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Road repairs still needed after floods

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Even though it’s approaching 12 months since a historic flood in Bossier Parish, major issues remain over fixing damaged roads from the 2015 flood.

The Federal Emergency Management Agency (FEMA) has balked at damages to parish roads totaling around $1.6 million.

Parish Engineer Butch Ford said it comes down to FEMA arguing the roads he and the Bossier Parish Police Jury (BPPJ) have proposed as damaged were already damaged prior to the floods.

“The FEMA team looked at Google Maps and said they were already cracked and I disagree with them totally. We take care of our roads in Bossier Parish,” Ford said.

So far FEMA has put up only $179,000 for paved roads affected by the 2015 flood. Ford said he and the BPPJ are appealing that decision.

Meanwhile, FEMA and the BPPJ haven’t even begun to settle funding for roads damaged in the 2016 flood.

In fact, Ford found a Louisiana Transportation Research Center study commissioned after Hurricane Katrina that said flooded roads will see diminished strength, which lessons the road’s longevity.

“I know a lot about road design and roads are not designed to be covered by water, that’s why you have ditches,” he added. “I have been fighting to get this new FEMA bunch to understand that, and it’s deaf ears to date. We’re adamant we’ll go to the hilt with this.”

All in all, Ford said he estimated $10M worth of damage in Bossier Parish from last spring’s flood. So far, FEMA has approved $3.4M to fix the affected areas.

Still, the parish will only receive 75 percent of that money, as that is the typical percentage FEMA reimburses for things such as debris removal and road/bridge damage.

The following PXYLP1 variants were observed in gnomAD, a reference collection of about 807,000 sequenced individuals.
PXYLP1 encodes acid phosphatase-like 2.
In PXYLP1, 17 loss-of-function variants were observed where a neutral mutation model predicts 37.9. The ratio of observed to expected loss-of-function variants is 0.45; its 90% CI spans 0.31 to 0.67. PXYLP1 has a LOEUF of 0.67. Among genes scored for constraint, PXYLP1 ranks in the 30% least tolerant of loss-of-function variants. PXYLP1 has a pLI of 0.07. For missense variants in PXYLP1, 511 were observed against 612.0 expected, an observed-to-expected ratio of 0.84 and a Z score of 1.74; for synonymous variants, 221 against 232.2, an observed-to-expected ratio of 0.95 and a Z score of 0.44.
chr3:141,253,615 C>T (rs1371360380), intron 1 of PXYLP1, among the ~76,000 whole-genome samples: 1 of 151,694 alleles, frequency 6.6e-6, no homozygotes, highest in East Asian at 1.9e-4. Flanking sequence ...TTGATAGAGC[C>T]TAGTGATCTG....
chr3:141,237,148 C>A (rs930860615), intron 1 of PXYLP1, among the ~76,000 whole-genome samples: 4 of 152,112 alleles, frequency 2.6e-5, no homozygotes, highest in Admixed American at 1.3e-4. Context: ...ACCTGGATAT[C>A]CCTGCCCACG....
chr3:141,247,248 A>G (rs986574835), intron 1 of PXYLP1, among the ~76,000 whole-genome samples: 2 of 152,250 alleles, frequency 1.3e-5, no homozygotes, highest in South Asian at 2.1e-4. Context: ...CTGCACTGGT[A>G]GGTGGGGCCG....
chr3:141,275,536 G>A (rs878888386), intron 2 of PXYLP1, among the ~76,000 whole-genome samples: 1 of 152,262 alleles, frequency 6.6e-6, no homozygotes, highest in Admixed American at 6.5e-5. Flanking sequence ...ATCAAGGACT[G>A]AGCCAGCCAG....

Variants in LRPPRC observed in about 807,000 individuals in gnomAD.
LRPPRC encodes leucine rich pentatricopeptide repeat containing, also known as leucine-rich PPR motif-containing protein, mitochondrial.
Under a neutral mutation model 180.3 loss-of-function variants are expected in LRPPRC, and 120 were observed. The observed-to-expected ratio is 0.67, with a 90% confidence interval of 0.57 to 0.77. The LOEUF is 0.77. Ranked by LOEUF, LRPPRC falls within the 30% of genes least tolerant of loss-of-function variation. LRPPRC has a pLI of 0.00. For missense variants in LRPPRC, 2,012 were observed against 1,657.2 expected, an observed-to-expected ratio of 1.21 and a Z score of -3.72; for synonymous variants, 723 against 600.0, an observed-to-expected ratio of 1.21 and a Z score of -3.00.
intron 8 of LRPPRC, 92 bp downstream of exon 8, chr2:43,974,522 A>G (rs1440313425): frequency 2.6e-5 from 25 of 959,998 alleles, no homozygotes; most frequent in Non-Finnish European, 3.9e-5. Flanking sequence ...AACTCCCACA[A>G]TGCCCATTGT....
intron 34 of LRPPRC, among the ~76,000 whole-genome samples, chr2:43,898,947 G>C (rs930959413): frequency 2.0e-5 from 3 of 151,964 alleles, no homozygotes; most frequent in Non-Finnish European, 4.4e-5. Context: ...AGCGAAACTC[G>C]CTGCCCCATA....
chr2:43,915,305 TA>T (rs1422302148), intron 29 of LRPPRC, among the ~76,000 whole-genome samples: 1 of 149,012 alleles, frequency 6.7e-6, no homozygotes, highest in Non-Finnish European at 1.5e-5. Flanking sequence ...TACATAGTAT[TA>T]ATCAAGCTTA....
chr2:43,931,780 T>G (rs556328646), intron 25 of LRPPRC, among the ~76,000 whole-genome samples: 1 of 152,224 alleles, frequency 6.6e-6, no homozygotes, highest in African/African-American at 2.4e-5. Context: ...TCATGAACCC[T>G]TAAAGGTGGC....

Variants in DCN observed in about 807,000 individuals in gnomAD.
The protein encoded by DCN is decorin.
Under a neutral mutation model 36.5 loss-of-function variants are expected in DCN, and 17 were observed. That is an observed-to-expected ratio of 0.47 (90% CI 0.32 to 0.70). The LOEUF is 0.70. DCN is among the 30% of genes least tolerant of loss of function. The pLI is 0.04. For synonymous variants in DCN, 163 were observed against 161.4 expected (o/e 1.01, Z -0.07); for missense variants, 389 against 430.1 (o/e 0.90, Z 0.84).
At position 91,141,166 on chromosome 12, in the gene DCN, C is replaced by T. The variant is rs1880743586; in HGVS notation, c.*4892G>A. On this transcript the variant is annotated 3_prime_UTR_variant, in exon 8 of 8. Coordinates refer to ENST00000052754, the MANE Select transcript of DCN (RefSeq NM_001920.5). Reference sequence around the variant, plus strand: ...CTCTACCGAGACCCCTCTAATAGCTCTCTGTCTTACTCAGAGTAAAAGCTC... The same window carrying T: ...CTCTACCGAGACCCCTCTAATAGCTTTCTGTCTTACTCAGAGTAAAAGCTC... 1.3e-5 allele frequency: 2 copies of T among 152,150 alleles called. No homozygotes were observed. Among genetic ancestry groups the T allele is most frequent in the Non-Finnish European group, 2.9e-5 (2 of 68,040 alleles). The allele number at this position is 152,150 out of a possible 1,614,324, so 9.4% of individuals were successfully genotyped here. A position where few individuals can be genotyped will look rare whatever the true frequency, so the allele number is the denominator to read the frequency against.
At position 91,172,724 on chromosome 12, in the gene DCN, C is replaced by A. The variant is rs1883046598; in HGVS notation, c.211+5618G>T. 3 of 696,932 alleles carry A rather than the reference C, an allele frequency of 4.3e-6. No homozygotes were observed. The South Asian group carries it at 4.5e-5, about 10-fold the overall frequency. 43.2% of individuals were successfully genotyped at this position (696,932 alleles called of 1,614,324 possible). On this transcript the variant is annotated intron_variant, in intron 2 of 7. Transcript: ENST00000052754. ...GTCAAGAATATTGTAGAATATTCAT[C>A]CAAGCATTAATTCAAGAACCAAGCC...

“We’ve got to come up with 25 percent of these dollars and we’re working to make it happen in the first quarter of this year,” Ford said.

He pointed out that the floods in Baton Rouge this past summer got a special declaration that covered 90 percent of costs. The BPPJ has asked to get the same percentage for their remaining $7M in damages.

“We have requested the same because it happened in the same year,” Ford said. “We haven’t heard if it’s been approved or not. My gut feeling is no, because in past flood events we’ve only received 75 percent.”

In addition, FEMA awarded Bossier Parish $1.179 million in mitigation. But Ford pointed out the parish doesn’t actually have any money allocated to them directly.

“We do not have a single dime of mitigation money,” Ford said. “We apply for money through GOHSEP (Governor’s Office of Homeland Security and Emergency Preparedness) and they submit them to FEMA.”

That money is available to improve drainage, elevate homes, and other projects that would limit losses. For example, Ford said that money can be used to buy severely damaged homes so residents don’t continue to pay for homes that are regularly damaged by flood waters… which is a sore subject for the parish.

The application process has held up efforts to help residents who have sustained repeat damage on homes in various flood events.

“We still have $800,000 in mitigation funds from the 2009 flood event and $543,000 from the 2015 (Red River) flood. So, in total, we have $2.5 million in mitigation dollars. But we don’t have the money, FEMA has it. And we have to send all this documentation to get the money,” Ford explained.

“In 2009, we had a smaller flood event with 10 people wanting to be bought out of their homes. It took us four years to buy one home and we’re still trying to buy one home that FEMA won’t approve. The other eight people bailed out. This year, they flooded again, now they’re back on the (buyout) list again,” he added.

Ford and Parish Administrator Bill Altimus are hoping to address how to speed up the process to request mitigation dollars and submit applications during a GOHSEP meeting in Bossier this week.